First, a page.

77% of students experienced some kind of psychological distress, either moderate or severe.


experienced loneliness, and ​
30% had exhibited suicidal behavior.

**American College Health Association (ACHA) published a 2022 study

Possible Causes of Mental Health Issues

Academic pressure

The academic pressure of college can lead to a variety of mental health issues. In Spring 2022, 51% of ACHA survey participants reported experiencing academic challenges. 76% reported challenges with procrastination, and 12% reported challenges related to faculty.


New or changing relationships in college, whether friendships, intimate relationships, or roommate relationships, can also lead to stress for students. In the survey, 39% of participating students reported challenges with intimate relationships, 32% with roommates or housemates, and 25% with peers.

Harassment and discrimination​

According to the ACHA survey, 12% of participants experienced sexual harassment, 11% experienced discrimination, and 17% experienced microaggressions. In addition, 7% of students experienced bullying, and 4% had issues with cyberbullying in particular.

Grief and loss​

27% of survey participants reported experiencing the death of a close friend or family member while in college. Further, 40% reported challenges related to illness of someone close to them.​


The ACHA survey tested for loneliness using the UCLA Loneliness Scale, which ranks loneliness on a scale from 3 to 9. On this scale, 54% of college students scored positive for loneliness, with a score from 6-9.​

Access to Mental Healthcare for College Students

According to the Penn State Center for Collegiate Mental Health (CCMH) 2021 Annual Report, college counselors often have over 100 students. Some even have as many as 300 students per counselor. This high number generally means less care for each student experiencing mental health concerns.​

Voice of a student​

  • Therapy is expensive. According to Forbes, costs per session range from $100 to $200, which adds up to thousands of dollars per year for weekly sessions.

    Most of the licensed trauma therapists I’ve found in my area start at $150 for fifty minutes, and most explicitly state that they do not take insurance, so everything will be out of pocket. Look, I value my mental health a lot, but I don’t have that kind of money. I can’t ask my parents to pay because they won’t, and a broke-ass college kid surely isn’t going to shell out well over five thousand dollars for therapy when it could be used to purchase a lifetime supply of instant ramen instead. I am painfully aware that having that kind of money to drop on therapy is a luxury, not a right.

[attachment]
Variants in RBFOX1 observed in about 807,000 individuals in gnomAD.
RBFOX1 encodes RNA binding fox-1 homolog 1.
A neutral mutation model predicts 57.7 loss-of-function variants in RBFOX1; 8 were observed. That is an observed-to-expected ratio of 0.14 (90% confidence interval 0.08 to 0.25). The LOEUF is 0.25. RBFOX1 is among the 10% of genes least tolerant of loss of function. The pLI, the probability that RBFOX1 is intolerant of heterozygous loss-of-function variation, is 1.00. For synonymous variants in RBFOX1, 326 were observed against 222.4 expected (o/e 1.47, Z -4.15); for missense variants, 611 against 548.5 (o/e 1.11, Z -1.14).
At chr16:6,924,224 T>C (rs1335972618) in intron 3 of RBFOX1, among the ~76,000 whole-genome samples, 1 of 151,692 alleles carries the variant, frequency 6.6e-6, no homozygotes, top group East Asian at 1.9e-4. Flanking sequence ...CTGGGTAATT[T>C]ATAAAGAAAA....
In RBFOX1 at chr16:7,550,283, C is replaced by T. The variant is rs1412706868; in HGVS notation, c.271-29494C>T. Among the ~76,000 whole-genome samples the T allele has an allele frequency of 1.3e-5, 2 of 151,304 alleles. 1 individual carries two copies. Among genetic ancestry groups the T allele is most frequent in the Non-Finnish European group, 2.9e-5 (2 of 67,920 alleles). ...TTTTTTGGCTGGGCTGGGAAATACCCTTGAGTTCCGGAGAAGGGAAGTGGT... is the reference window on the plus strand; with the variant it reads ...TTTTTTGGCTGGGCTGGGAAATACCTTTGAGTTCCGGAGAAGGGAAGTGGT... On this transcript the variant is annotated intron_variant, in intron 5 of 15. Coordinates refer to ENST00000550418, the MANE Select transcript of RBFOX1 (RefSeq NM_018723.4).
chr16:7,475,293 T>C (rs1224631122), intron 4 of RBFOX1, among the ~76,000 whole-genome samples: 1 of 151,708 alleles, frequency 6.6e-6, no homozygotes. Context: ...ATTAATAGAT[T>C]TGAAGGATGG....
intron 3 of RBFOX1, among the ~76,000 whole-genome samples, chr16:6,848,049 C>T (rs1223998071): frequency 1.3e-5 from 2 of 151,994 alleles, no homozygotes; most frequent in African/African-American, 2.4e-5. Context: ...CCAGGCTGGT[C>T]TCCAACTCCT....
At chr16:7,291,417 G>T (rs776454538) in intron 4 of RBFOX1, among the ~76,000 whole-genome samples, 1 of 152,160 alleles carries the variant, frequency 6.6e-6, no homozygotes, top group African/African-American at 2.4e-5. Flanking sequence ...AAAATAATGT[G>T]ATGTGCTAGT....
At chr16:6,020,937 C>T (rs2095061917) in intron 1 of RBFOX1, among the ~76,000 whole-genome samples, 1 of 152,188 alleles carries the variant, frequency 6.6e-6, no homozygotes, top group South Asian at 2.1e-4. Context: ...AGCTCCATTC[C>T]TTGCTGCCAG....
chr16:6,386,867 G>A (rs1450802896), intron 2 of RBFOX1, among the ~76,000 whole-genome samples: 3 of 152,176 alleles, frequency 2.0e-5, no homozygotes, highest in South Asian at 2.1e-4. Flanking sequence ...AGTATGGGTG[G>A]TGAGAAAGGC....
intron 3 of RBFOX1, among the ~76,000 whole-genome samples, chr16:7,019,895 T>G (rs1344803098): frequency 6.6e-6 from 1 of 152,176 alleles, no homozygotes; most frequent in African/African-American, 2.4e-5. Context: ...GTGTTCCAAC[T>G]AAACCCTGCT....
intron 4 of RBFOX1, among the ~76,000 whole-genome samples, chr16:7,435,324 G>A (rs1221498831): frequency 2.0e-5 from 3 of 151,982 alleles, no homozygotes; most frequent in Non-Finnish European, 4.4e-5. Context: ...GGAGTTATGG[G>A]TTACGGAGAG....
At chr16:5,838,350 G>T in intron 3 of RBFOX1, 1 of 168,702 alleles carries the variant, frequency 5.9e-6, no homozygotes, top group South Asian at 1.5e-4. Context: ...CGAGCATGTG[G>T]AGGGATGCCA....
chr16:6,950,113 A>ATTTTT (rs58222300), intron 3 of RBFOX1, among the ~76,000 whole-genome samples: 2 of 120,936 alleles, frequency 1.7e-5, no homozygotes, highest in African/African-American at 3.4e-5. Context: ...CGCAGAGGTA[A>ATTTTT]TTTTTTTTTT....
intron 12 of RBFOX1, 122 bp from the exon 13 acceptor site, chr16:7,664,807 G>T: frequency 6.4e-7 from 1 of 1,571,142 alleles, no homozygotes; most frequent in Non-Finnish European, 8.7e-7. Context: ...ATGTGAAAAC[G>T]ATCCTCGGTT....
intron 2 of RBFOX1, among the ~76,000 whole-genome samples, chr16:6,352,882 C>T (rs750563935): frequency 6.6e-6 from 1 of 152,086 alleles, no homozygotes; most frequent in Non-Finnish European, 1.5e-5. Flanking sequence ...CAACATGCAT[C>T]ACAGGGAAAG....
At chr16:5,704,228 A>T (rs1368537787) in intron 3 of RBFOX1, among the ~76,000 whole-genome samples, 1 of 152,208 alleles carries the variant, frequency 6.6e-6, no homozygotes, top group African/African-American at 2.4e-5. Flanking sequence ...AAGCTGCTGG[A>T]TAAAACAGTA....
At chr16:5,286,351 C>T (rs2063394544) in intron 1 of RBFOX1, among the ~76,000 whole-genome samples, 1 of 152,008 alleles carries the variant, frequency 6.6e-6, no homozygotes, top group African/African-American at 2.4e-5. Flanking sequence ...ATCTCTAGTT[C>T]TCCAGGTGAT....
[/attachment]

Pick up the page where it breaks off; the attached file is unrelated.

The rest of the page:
• On top of the financial matter, there is the intense social stigma associated with mental health care, which is a cost all its own.

    My parents aren’t exactly proponents of mental health, and their stance is sadly one that I clearly see throughout my school and society as a whole. I see how my schoolmates treat mental health, how they degrade and deride those for whom living itself is an accomplishment. I see the intense distrust people place in those deemed “mentally ill,” how they fear and pity and hate them—us—me. Even now, undiagnosed and secretive, pretending to be pedestrian, I’ve been joked about. “Sapakshanama is the most likely to be a school shooter.” Such a misguided and hurtful connection. What if they knew that I am actually mentally ill? Every shred of normality I’ve fought for would be torn apart. I can’t stand being pitied. I can’t stand being hated. I can’t stand being me.​

  • The Disability Resource Center’s tent seemed scarier up close, the kind, smiling staff not enough to allay my sense of deep dread.

    It felt wrong, coming here. The lady asked me how she could help, and I told her I had the same question. I learnt about some of the ways the college could aid me, got an email address for further questions, and went on my way.​

  • Something in the back of my head always nibbles at me though—what if I’m faking all of this? What if, because I don’t have access to an official diagnosis,

    I’m not actually disabled, not traumatized or depersonalized or suicidal or paranoid or autistic or the myriad other things which seem to describe my life so eloquently? I go in circles, arguing with “myself,” and that is when I desperately wish to have a diagnosis, to be able to go: look here, I am hurt. A diagnosis would be an impetus for support. However, I don’t want to be judged, infantilized, degraded. I worry that “officially being” autistic or someone with complex PTSD or whatever it is will surely change people’s perception of me, if they ever find out. I don’t know the right path, but college may be my chance to find it.​​

What Should Colleges Spend on Student Mental Health?​

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